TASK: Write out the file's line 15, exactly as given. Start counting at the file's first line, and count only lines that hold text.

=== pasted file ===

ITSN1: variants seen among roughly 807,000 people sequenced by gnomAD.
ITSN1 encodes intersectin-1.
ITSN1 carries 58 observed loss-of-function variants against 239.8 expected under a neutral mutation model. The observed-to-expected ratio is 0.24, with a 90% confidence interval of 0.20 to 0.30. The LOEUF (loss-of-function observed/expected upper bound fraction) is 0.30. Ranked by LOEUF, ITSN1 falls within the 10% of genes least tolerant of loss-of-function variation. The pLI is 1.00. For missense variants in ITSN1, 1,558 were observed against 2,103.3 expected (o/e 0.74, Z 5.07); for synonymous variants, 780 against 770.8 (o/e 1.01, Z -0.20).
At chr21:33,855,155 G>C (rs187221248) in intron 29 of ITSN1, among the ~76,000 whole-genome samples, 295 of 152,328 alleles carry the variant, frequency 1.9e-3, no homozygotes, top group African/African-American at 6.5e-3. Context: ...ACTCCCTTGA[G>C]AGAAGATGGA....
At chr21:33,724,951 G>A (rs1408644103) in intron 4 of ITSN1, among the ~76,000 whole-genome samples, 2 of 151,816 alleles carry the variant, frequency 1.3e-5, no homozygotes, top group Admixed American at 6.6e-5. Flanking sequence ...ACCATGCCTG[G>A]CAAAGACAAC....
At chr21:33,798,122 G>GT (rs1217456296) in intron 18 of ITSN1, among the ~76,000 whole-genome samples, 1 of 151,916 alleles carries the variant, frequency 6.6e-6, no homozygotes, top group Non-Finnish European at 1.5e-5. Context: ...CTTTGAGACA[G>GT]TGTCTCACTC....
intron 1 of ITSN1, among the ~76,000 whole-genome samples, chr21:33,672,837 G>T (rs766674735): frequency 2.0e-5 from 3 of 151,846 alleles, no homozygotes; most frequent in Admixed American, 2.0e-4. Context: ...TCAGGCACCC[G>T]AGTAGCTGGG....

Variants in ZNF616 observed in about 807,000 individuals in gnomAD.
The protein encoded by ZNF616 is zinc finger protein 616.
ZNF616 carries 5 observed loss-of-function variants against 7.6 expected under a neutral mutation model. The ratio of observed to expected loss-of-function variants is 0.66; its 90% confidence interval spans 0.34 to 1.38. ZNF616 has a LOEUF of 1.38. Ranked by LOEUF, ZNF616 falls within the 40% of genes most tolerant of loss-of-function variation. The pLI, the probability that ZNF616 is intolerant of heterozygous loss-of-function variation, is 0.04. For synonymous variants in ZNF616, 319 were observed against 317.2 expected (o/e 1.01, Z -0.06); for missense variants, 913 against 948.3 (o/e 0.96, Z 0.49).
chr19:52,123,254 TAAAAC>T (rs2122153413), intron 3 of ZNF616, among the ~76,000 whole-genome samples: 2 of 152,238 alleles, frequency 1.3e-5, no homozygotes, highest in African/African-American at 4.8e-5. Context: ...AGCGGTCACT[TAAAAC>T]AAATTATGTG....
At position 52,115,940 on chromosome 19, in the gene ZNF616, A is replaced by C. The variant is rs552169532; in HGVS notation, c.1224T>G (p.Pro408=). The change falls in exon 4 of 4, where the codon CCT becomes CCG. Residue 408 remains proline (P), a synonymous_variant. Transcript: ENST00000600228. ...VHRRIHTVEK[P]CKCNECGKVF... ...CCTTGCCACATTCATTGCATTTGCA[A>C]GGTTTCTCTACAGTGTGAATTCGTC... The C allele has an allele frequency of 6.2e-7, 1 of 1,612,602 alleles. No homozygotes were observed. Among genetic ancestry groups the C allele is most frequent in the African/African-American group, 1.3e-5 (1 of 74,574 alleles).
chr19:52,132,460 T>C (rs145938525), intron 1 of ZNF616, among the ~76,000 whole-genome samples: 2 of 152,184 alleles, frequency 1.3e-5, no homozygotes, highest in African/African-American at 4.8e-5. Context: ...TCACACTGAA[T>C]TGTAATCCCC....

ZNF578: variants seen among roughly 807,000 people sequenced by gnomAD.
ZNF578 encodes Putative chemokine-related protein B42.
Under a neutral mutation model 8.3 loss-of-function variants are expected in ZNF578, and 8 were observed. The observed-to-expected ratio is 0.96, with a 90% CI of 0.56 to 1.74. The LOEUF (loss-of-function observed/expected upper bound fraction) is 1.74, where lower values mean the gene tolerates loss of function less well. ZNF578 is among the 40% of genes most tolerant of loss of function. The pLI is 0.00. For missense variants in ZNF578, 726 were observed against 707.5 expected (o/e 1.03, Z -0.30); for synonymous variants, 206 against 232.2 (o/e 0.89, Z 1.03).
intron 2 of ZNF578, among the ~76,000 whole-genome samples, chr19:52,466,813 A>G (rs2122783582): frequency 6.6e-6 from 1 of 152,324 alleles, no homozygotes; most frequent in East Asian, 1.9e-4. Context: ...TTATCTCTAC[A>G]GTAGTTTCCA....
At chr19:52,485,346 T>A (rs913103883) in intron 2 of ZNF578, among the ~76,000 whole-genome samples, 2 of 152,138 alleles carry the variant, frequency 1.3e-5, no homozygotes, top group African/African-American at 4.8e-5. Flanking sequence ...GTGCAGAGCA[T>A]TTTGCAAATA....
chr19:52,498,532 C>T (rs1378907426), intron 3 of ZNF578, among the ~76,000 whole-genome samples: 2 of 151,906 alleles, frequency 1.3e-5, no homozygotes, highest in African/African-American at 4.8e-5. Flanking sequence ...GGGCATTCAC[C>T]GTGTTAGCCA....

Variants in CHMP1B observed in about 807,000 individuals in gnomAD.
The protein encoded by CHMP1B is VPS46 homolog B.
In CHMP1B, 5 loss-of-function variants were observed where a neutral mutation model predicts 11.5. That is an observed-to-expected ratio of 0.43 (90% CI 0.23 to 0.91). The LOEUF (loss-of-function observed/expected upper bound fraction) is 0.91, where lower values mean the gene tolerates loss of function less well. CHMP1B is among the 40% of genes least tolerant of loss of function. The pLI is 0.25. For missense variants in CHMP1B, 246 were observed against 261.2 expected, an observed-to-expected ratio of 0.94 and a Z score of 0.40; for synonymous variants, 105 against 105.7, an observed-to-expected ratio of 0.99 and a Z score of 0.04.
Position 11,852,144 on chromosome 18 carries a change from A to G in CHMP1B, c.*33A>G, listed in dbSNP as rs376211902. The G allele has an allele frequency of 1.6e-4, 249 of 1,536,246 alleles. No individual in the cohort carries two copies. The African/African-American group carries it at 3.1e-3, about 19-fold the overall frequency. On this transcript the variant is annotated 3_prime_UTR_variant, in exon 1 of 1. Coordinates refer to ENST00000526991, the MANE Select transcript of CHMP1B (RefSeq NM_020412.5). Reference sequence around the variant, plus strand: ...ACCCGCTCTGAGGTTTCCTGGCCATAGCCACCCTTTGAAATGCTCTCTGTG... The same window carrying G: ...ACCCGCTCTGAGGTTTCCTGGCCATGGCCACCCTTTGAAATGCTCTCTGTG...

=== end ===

ZNF578 encodes Putative chemokine-related protein B42.